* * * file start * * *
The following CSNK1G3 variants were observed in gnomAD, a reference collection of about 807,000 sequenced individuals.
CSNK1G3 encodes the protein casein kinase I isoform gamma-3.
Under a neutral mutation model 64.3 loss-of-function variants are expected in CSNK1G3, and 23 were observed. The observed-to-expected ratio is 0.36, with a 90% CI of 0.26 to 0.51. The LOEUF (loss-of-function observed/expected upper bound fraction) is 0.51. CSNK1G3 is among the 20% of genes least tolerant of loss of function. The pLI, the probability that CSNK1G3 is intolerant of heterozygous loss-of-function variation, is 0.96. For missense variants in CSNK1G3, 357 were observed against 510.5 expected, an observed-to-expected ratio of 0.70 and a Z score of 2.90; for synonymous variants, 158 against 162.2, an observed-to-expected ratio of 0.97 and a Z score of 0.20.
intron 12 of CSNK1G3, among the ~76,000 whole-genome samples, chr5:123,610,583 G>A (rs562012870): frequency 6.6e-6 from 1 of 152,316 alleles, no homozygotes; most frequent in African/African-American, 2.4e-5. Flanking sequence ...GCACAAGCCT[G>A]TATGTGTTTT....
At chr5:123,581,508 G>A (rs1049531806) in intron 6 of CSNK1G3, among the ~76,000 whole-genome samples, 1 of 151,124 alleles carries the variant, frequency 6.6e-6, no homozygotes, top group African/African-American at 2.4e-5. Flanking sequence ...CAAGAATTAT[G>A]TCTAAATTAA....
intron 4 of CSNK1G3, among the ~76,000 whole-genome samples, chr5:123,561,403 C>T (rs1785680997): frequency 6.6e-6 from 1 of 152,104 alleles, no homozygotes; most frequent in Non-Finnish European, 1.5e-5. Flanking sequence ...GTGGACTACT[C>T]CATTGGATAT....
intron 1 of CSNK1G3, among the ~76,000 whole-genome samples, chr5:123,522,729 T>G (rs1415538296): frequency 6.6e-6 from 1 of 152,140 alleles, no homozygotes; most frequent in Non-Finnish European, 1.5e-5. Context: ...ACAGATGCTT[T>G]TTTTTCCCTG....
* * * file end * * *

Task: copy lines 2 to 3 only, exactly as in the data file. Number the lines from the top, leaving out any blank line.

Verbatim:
CSNK1G3 encodes the protein casein kinase I isoform gamma-3.
Under a neutral mutation model 64.3 loss-of-function variants are expected in CSNK1G3, and 23 were observed. The observed-to-expected ratio is 0.36, with a 90% CI of 0.26 to 0.51. The LOEUF (loss-of-function observed/expected upper bound fraction) is 0.51. CSNK1G3 is among the 20% of genes least tolerant of loss of function. The pLI, the probability that CSNK1G3 is intolerant of heterozygous loss-of-function variation, is 0.96. For missense variants in CSNK1G3, 357 were observed against 510.5 expected, an observed-to-expected ratio of 0.70 and a Z score of 2.90; for synonymous variants, 158 against 162.2, an observed-to-expected ratio of 0.97 and a Z score of 0.20.